“The House of Yes” Redefines (ab)Normal, at Custom Made Theatre, S.F.
Wendy MacLeod Exposes Depravity in the Insular Elite
by Kevin Marley
Have you ever felt a little tension around the holiday table? Imagine that tension on steroids. Add a dash of betrayal. Include a bit of incest and stir. Now you have a picture of the twisted dysfunction and discord that churns in this dark comedy about an insular upper-class family, one stormy night in Washington, D.C.
As the hurricane approaches, multiple twisted personalities swirl about “The House of Yes,” as chaotic as the outside storm.
Sister Jackie-O (Caitlin Evenson) exclaims, “Normalcy courses through my veins!” with neurotic conviction. But she “doesn’t believe in the past tense” and appears unabashedly addicted to re-enacting the assassination of JFK. Smeared with Kennedy’s blood and brains as a sexual lubricant for her erotic fantasies, she carelessly indulges herself. Is Jackie-O insane—or, has she just never heard the word “No”?
As the older son, Marty Pascal (Casey Robbins) makes a pathetic grab for normalcy when he brings his fiancé home for a family Thanksgiving dinner. In a quick 75 minutes, Marty undergoes a transformation like a free-fall from a height—despite the fact that he starts low and ends lower. Is Marty a victim in all this depravity? We are left wondering. Although Marty’s little brother Anthony (Elliot Lieberman) bears guillotine marks from a childhood game, Anthony garners little sympathy with his gleeful depravity and macabre antics.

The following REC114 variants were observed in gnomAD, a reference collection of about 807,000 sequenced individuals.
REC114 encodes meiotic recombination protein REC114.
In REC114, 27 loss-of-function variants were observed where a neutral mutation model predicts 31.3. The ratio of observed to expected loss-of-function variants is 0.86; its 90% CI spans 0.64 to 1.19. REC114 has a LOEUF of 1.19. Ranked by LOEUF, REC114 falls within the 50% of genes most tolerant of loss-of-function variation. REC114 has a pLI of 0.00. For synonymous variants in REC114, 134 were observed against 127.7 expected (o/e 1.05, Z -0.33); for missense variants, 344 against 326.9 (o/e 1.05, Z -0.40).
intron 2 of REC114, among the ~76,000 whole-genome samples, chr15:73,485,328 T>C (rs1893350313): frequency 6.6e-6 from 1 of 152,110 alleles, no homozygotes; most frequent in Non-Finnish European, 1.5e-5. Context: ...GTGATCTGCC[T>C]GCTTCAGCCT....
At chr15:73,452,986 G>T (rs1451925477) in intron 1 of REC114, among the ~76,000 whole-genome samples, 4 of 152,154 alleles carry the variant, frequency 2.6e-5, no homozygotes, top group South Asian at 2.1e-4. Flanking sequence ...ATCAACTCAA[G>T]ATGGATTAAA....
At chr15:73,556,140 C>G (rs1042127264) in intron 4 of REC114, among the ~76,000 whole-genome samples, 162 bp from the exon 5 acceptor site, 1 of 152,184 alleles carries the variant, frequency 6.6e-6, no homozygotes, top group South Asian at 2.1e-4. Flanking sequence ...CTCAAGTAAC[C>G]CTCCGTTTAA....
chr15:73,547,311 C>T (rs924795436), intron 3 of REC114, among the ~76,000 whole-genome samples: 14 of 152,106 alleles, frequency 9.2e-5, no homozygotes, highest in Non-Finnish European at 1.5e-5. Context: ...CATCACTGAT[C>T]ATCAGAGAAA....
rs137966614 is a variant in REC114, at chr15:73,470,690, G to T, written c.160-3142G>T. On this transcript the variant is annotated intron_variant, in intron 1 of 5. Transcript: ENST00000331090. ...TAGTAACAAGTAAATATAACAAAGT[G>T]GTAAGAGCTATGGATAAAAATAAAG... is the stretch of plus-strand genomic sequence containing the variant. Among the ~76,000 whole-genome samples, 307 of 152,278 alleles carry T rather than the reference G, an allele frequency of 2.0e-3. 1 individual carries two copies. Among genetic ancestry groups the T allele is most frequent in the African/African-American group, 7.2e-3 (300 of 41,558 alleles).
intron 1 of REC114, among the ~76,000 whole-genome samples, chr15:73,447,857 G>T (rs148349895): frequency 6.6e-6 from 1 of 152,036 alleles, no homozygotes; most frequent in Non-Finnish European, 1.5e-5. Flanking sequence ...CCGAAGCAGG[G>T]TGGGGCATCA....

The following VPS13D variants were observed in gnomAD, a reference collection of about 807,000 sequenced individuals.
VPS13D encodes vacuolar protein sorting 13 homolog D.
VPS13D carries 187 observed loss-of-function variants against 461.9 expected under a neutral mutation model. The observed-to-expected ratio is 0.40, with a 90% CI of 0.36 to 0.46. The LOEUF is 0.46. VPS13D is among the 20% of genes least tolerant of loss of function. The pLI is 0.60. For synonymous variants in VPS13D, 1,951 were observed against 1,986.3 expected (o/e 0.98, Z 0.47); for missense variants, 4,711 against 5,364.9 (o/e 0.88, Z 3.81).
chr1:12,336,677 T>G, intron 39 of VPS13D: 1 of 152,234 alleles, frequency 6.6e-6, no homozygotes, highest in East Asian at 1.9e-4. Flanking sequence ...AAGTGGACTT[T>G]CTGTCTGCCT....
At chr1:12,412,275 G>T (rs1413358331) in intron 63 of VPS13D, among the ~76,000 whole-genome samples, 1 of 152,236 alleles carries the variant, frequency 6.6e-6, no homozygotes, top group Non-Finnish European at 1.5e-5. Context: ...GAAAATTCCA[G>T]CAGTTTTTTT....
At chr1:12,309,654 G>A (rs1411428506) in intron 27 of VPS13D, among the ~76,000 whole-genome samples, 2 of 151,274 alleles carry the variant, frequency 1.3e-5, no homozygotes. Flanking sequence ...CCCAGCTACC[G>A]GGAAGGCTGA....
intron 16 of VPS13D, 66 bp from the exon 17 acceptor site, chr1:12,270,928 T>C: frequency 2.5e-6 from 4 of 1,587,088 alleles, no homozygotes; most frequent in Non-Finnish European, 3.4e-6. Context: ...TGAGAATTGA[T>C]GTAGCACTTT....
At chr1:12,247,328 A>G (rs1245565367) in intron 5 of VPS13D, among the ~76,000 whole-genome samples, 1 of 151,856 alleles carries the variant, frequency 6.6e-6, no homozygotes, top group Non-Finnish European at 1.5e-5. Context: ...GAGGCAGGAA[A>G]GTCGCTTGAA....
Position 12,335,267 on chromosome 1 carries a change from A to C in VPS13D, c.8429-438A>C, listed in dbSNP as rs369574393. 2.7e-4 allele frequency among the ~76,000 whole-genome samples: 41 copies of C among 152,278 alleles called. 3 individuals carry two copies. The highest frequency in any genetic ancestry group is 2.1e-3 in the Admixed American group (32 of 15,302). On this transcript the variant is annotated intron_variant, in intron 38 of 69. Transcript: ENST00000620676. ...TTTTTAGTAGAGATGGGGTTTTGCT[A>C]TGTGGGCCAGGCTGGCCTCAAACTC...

Mrs. Pascal (Shelley Lynn Johnson) on the other hand, charms us with her deadpan delivery of jewel-like witticisms that betray her parental incompetence. As the slovenly matriarch, Mrs. Pascal wanders upstairs and down, nonplussed by her brood’s depravity. Is she drunk or just deranged? Clearly, her nonstop commentary and criticism provide nothing helpful to her drowning children. Mrs. Pascal quips, “People don’t raise children, people raise cattle, children just happen.”
Marty’s fiancé Lesly (Juliana Lustenader), who comes from a poor mining family in Pennsylvania, asserts that Jackie-O is simply spoiled and, with one beguiling gaze, exposes the family’s insolent self-indulgence. Are these elite families victims of their own isolation, or are they a Trump-like menace to the nation? Hang on for a tumultuous ride at the “The House of Yes.” It’s delightfully disturbing.
“The House of Yes” by Wendy McLeod, directed by Stuart Bousel, by Custom Made Theatre Company, San Francisco, through Saturday, April 29, 2017. Info: custommade.org
Cast: Caitlin Evenson, Shelley Lynn Johnson, Elliot Lieberman, Juliana Lustenader, and Casey Robbins.